In 2010, in a substantial Oxford University Press compendium reviewing the historic and contemporary views on EL, its editor, Joel Vilensky of the Indiana University School of Medicine, quotes Pool, writing in 1930, who states, "we must confess that etiology is still obscure, the causative agent still unknown, the pathological riddle still unsolved…", and goes on to offer the following conclusion, as of that publication date:

Does the present volume solve the "riddle" of EL, which… has been referred to as the greatest medical mystery of the 20th century? Unfortunately, no: but inroads are certainly made here pertaining to diagnosis, pathology, and even treatment." [16]

Subsequent to publication of this compendium, an enterovirus was discovered in encephalitis lethargica cases from the epidemic. [17] In 2012, Oliver Sacks acknowledged this virus as the probable cause of the disease. [18] Other sources have suggested Diplococcus as a cause. [19]



Retrospective diagnosis tentatively suggests numerous accounts of encephalitis lethargica throughout history:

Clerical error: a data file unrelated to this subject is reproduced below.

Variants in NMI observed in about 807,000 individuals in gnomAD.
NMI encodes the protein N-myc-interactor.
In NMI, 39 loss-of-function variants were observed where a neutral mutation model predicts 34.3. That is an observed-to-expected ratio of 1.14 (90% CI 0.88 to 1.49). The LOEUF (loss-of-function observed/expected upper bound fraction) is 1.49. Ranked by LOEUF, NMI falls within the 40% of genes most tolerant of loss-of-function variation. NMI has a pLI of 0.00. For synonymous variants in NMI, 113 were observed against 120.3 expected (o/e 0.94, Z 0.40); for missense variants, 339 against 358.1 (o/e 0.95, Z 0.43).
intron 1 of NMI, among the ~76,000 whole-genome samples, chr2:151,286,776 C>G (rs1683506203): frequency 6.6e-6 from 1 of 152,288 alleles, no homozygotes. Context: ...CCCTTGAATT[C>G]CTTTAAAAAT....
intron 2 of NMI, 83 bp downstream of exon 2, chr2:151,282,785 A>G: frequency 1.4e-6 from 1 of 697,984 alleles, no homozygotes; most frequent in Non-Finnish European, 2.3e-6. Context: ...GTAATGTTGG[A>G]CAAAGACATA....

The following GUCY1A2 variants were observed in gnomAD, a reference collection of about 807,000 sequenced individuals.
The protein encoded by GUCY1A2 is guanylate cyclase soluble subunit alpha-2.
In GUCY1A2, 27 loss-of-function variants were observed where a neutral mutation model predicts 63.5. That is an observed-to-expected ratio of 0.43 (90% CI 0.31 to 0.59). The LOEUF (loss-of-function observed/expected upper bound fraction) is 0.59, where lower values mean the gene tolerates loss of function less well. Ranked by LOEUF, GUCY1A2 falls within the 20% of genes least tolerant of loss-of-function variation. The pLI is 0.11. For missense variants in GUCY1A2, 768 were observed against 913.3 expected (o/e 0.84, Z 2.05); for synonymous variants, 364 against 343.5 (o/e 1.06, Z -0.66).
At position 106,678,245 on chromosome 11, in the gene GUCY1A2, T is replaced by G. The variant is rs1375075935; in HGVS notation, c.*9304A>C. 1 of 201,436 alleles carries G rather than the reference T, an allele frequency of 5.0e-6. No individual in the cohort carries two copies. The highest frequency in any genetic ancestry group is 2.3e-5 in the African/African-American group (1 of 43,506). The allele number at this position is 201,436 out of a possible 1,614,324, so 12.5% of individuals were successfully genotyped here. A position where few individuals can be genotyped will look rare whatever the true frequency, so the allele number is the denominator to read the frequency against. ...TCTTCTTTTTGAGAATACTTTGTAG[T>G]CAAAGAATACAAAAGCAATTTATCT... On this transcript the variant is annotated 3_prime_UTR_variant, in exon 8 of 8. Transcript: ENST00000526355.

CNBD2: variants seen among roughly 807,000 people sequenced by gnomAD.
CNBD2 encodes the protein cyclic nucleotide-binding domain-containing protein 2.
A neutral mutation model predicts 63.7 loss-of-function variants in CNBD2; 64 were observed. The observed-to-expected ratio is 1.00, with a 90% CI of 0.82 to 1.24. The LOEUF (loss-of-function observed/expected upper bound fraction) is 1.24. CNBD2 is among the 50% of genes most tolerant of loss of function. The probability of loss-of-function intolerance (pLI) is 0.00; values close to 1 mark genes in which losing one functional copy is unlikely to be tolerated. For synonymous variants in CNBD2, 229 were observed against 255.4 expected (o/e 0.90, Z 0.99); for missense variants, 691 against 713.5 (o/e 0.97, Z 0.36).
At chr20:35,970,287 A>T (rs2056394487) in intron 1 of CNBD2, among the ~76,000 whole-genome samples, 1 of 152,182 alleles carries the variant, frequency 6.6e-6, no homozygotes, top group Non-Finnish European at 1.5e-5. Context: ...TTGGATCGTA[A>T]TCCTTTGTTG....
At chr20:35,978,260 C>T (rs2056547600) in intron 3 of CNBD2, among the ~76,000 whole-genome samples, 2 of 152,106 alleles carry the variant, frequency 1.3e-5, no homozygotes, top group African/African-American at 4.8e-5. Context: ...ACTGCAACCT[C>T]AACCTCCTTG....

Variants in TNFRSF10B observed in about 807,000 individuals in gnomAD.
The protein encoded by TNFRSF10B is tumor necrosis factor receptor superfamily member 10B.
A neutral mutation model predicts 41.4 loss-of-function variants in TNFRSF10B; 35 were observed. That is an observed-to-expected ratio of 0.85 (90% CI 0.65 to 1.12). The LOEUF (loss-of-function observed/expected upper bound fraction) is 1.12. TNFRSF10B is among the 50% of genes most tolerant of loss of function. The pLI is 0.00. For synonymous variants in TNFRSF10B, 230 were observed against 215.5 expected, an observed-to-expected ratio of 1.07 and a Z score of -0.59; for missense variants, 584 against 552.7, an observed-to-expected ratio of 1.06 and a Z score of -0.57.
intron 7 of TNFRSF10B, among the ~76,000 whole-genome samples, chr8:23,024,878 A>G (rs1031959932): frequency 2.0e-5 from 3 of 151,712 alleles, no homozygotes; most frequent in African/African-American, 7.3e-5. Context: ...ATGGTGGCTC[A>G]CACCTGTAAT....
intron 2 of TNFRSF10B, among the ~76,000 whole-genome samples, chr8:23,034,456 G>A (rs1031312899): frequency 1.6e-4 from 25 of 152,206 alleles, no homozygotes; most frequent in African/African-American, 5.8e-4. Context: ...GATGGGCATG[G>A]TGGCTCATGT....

The Encephalitis Lethargica Pandemic of 1915-1926

In the winter of 1916–1917, a "new" illness suddenly appeared in Vienna and other cities, and rapidly spread world-wide over the next three years. Earlier reports appeared throughout Europe as early as the winter of 1915–1916, but communication about the disease was slow and chaotic, given the varied manifestation of symptoms and difficulties disseminating information in wartime. [21] Until Constantin von Economo identified a unique pattern of damage among the brains of deceased patients and introduced the unifying name encephalitis lethargica, reports of the protean disease came in under a range of names: botulism, toxic ophthalmoplegia, epidemic stupor, epidemic lethargic encephalitis, acute polioencephalitis, Heine-Medin disease, bulbar paralysis, hystero-epilepsy, acute dementia, and sometimes just "an obscure disease with cerebral symptoms." [21] Just ten days before von Economo's breakthrough in Vienna, Jean-René Cruchet described forty cases of "subacute encephalomyelitis" in France. [21]